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Three Things to Think About When Negotiating a Commercial Lease

Commercial leases are complex in that they set out very specific (often in a verbose manner) the nature of the agreement between a landlord and commercial tenant. They tend to have many moving pieces, which are often defined by the type of business, and the location of the property and the size of the property. A lease for a mechanic's garage is going to be substantially different than a lease for a bar in the downtown core of Toronto or a lease for an industrial shipping and receiving company adjacent to a navigable waterway. As such, it's not only important that you read your lease, but that you understand and negotiate into your lease clauses that account for all types of work carried out by the business you intend to run. Here are three things every tenant should consider to ensure all elements are included in the lease to facilitate a tenant's ability to operate their business fairly and effectively:

1. Understand what the Landlord's obligations are under the lease

The lease should contain specific provisions throughout that bind the landlord to certain commitments. As a commercial tenant, you need to ensure that the commitments include those that are necessary for you to run your business. If for instance you intent to lease a space for running a restaurant, you want to ensure there are specific provisions that the Landlord provides you access to the kitchen for the entire term of the lease, and that there is a specific definition of what is included in that kitchen (or other room you intent to use). If the Landlord is prepared or has discussed that they intend to provide as part of the rent, natural gas services for kitchen use, then you need to ensure that the lease sets out this inclusion.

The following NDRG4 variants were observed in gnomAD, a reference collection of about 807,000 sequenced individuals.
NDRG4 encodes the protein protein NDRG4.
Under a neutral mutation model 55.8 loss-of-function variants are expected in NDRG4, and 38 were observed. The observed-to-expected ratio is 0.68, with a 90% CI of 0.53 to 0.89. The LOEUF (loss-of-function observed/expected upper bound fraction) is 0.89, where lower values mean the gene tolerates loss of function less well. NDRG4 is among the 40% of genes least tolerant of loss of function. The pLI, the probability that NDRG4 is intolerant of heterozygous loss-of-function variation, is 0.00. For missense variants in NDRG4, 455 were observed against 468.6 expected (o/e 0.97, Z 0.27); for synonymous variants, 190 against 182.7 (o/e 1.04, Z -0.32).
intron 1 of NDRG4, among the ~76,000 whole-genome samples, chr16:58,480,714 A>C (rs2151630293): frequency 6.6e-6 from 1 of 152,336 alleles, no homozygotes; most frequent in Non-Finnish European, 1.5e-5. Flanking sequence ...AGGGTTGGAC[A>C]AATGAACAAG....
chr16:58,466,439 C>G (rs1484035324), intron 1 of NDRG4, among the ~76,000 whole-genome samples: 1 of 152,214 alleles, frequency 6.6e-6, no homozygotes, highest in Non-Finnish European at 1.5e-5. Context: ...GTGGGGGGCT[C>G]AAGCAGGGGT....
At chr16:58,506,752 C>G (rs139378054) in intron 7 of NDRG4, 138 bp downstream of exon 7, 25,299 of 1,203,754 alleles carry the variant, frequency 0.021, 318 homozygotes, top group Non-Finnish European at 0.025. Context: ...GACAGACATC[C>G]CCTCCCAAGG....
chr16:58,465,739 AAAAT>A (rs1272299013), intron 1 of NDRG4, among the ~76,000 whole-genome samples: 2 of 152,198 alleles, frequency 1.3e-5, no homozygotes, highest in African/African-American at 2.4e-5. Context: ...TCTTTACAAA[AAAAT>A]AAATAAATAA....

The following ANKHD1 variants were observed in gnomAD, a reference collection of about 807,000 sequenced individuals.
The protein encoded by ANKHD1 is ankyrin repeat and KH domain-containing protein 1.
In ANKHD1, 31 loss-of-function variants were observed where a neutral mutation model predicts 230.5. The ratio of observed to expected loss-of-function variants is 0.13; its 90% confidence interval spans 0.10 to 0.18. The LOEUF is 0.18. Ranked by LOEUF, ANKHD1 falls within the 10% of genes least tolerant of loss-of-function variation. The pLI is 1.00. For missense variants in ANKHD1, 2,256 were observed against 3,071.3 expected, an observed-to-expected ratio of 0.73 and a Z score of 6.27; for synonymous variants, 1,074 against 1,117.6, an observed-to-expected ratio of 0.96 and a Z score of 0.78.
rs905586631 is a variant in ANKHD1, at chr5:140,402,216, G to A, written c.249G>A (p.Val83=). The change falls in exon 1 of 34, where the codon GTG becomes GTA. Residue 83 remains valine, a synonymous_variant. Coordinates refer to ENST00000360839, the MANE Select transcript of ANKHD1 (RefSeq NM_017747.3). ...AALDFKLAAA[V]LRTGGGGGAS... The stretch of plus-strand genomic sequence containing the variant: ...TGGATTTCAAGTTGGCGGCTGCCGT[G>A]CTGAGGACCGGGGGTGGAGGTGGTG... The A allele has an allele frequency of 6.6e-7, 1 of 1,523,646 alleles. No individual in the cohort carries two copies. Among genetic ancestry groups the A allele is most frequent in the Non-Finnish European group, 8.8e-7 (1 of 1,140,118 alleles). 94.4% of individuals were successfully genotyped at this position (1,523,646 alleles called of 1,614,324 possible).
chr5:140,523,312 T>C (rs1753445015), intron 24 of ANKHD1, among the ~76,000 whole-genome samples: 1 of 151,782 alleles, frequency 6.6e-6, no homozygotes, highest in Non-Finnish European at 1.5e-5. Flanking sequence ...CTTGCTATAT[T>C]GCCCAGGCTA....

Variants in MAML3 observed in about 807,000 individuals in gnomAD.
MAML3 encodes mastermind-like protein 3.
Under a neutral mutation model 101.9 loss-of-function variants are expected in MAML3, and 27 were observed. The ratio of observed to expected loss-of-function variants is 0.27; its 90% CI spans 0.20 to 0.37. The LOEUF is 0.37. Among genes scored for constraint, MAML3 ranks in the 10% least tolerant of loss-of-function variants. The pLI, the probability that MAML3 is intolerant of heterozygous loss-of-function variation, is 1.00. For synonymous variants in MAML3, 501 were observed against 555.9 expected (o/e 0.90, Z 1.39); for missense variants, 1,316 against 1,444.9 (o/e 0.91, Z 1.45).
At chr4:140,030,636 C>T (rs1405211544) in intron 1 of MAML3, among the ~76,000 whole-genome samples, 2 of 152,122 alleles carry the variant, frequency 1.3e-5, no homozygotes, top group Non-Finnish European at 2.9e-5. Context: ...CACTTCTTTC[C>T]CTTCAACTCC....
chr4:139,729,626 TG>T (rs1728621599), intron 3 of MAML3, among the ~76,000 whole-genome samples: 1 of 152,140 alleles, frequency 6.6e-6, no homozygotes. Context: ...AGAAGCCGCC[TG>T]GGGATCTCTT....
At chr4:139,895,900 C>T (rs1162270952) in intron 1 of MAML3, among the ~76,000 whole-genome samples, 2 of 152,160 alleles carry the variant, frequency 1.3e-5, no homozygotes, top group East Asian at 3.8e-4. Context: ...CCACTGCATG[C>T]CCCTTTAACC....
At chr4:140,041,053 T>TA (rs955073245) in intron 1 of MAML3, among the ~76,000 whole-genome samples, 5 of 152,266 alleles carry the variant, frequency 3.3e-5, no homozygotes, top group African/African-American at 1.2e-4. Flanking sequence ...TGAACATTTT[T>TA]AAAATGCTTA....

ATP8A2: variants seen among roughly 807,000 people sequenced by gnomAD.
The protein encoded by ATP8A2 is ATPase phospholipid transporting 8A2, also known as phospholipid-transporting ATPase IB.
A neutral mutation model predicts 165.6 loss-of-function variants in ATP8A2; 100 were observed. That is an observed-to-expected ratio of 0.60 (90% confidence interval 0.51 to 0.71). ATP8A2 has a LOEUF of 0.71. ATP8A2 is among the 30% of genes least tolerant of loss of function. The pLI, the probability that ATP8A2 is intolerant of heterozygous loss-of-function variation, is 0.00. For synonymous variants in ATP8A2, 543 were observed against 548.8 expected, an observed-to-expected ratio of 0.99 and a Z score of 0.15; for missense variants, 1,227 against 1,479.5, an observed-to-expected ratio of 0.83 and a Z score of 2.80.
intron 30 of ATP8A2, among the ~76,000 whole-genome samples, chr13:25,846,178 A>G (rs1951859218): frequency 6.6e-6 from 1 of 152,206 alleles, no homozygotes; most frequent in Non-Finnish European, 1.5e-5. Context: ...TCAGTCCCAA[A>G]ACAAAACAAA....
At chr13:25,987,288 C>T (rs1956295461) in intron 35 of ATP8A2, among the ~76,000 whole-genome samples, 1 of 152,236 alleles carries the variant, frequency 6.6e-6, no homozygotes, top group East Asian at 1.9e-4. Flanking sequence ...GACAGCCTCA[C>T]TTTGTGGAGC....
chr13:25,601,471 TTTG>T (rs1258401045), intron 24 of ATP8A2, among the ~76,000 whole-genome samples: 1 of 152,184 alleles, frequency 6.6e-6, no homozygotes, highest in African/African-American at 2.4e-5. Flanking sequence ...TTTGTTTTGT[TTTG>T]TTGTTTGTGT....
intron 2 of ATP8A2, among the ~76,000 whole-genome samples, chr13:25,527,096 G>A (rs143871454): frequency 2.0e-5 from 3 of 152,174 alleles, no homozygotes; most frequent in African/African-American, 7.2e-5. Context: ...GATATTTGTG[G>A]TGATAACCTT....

Similarly, you need to ensure your lease does not provide the landlord with an overly broad ability to access the premises. Clauses in commercial leases often include the right of entry in the event of non-payment of rent or to view the state of repair. It is important that clauses or re-entry do not go too far and permit a landlord to enter the premises willy-nilly. Failing to address this issue and to negotiate the terms of re-entry can leave a commercial tenant at a significant disadvantage  if a landlord attempts to enter the premises at an inappropriate time during the tenancy

2. Figure out a strategy for dealing with potential disputes [1]

Most modern commercial leases will contain a provision for arbitration as a mandatory requirement to address the dispute. Arbitration can however be costly. Commercial Tenants need to think about and be creative about potential solutions to disputes - they need to anticipate a potential problem based on terms in the agreement and, once that problem is identified, think about ways of dealing with that issue in a cost effective, efficient manner.

According to the Commercial Tenancy Handbook, it is in the interest of both the tenant and the landlord to ensure that the relationship does not turn adversarial. To this end, a tenant should evaluate what elements the landlord is being inflexible about at the outset. If the elements are too integral to the business, the Tenant should carefully evaluate whether it is still beneficial to pursue a tenancy with this landlord or move on to another property.